Sexual assault is a serious crime and an abuse of power.
If you have been affected by sexual assault, it can be difficult to know what to do and how to get help, but services are available to provide you with care, support and advice.
What is sexual assault?
Sexual assault is any behaviour of a sexual nature that makes someone feel uncomfortable, frightened, intimidated or threatened.
It is sexual behaviour that someone has not agreed to, where another person uses physical or emotional force against them. It does not always include physical harm.
A sexual assault can happen as part of:
Threatening to sexually assault someone can be a crime.
Image-based abuse – the making of intimate images and videos and displaying them on the internet or sharing them via social media without a person’s permission or threatening to do so – can also be a crime.
Charges related to sexual assault
There are many different charges for sexual assault offences depending on:
- the nature of the assault (for example rape, indecent assault)
- if the person assaulted is a child
- if there is a family relationship between the accused person and the victim (incest).
You can learn more about how Victoria Police deals with sexual offences on their website.
Care and support across Victoria
Centres Against Sexual Assault
Across Victoria, you can access free 24 hour crisis care for sexual assault from the Centres Against Sexual Assault (CASA). You do not need to report the assault to police to get help.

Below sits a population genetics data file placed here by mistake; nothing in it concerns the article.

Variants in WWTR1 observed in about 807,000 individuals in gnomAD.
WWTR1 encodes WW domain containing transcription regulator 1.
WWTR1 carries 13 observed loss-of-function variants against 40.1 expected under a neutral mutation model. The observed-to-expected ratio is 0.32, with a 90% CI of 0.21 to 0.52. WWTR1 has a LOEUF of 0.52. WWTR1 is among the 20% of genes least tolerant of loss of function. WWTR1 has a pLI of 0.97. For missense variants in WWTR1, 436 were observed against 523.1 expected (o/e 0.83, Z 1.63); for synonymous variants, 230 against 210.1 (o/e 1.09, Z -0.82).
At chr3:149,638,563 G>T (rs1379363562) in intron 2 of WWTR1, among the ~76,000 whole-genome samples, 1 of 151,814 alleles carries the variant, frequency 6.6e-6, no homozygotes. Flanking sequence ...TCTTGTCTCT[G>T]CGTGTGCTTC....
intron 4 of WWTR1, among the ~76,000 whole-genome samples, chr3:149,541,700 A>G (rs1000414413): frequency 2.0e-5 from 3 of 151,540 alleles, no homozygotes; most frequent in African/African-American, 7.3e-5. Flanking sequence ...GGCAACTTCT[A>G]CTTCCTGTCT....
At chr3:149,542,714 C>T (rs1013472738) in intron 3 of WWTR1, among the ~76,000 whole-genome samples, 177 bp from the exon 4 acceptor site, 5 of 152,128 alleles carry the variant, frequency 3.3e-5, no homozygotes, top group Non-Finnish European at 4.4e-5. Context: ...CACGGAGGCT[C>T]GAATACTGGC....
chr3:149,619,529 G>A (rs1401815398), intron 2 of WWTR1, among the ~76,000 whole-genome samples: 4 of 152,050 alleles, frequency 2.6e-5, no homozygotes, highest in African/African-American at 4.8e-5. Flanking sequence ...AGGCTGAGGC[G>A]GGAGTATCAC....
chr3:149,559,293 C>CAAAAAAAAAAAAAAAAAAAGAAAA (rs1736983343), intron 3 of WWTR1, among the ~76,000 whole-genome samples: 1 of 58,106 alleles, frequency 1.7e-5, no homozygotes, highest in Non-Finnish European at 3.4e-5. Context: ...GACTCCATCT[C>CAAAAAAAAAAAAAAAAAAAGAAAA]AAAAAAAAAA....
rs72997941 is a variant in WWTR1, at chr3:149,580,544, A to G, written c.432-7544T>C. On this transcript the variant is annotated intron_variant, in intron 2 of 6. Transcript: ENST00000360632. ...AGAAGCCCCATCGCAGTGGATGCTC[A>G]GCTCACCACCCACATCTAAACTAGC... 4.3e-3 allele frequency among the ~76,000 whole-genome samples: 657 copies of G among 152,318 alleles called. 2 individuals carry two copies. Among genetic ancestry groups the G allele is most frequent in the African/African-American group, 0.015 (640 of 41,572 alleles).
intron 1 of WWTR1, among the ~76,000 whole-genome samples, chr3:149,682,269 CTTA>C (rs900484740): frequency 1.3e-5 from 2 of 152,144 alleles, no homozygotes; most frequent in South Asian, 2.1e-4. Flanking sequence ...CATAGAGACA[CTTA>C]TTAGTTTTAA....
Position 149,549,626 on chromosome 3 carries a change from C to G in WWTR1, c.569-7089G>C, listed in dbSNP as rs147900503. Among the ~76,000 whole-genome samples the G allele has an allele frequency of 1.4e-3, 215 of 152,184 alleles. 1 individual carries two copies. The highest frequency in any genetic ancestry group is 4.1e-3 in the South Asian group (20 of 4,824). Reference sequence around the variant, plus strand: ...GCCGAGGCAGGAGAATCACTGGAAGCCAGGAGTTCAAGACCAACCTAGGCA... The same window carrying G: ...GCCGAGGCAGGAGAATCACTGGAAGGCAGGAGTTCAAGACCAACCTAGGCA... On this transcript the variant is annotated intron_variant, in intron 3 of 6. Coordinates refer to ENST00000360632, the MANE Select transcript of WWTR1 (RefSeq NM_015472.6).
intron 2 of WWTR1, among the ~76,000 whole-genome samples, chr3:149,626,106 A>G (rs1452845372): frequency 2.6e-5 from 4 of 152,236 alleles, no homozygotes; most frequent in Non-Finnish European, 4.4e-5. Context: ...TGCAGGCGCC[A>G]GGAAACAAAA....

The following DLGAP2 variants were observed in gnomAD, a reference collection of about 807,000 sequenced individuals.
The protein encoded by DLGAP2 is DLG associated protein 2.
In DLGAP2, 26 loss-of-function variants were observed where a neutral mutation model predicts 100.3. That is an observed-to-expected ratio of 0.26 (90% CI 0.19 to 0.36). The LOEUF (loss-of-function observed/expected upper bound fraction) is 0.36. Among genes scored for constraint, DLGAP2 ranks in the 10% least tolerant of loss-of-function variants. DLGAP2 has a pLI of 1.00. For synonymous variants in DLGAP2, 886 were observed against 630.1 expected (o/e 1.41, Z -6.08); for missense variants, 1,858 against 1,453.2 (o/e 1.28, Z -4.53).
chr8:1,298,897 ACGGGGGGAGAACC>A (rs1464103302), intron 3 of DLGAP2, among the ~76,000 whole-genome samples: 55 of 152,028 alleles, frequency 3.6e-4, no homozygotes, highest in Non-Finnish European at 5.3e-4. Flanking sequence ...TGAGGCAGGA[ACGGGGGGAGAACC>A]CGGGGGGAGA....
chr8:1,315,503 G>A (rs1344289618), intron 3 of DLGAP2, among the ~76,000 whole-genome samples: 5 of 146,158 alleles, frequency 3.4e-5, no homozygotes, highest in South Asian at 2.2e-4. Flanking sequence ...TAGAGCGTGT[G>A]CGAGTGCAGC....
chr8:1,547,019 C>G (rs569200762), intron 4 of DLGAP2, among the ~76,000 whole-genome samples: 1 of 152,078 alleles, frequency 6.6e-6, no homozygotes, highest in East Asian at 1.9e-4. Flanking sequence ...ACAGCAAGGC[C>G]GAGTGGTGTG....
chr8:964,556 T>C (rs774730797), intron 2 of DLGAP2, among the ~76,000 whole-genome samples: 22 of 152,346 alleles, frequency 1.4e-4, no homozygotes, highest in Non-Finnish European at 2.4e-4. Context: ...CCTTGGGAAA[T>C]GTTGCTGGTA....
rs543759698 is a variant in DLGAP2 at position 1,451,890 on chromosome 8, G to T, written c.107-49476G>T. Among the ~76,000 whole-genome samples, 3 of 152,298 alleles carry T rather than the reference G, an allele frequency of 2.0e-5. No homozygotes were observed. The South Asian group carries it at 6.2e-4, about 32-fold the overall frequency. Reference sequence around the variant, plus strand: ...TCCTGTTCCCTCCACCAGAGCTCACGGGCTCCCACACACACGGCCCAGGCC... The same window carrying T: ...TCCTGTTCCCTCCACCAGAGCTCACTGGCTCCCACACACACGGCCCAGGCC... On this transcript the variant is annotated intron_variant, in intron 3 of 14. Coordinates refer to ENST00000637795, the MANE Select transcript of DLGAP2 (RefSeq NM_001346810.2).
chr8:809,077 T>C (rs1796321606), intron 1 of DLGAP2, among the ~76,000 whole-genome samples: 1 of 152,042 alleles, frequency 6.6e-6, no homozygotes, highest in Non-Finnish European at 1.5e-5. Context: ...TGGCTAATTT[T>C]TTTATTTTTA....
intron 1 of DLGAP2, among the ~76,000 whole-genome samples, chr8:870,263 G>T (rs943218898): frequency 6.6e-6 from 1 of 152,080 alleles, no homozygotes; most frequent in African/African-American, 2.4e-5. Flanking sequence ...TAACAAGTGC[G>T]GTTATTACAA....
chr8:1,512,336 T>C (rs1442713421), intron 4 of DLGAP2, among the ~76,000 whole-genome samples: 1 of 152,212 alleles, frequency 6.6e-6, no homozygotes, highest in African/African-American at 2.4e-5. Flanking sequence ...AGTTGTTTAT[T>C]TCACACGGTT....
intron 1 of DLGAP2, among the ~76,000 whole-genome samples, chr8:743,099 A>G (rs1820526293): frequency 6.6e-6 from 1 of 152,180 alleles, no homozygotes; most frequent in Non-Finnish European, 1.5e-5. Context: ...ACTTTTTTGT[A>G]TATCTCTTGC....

Call: 1800 806 292
Open: 24 hours a day
CASA also offers the Sexual Assault Crisis Line (SACL), a free and confidential after hours emergency telephone service, available weeknights 5pm–9am and 24 hours a day on weekends and public holidays on 1800 806 292.
CASA can help with:
- counselling and support
- deciding whether you want to make a report to police
- making sure you have information about your rights and options and advocating for you
- assessing your safety and protection needs and helping you make a safety plan
- supporting family members, loved ones and carers
- helping you communicate with police, forensic and other medical and health personnel
- referrals to other community support services.
Victims of Crime Helpline
The Victims of Crime Helpline 1800 819 817 can also provide advice and support with:
- referrals to other services
- reporting sexual assault to police and other agencies
- applying for financial assistance
- advice on how to improve your personal safety.
Help to understand the justice process
The Victims of Crime Helpline can answer your questions about:
- the justice process and what to expect
- getting information about the court case
- laws protecting the privacy of victim-survivors and information for people who want to tell their story
- giving evidence as a witness and support that is available for you if you need to go to court
- preparing a Victim Impact Statement to tell the court how the crime affected you.
You can learn more about sexual assault and the justice process below.
Report sexual assault
A report of sexual assault can be made by phone or at any police station.
If anyone is in immediate danger or a crime is currently occurring, please call police on Triple Zero (000). You can also go to your local police station to report a crime.
If you make the initial report by phone, you will need to meet with police at a convenient time. You may wish to have a support person with you. This can be a family member or friend or a trusted professional like a counsellor.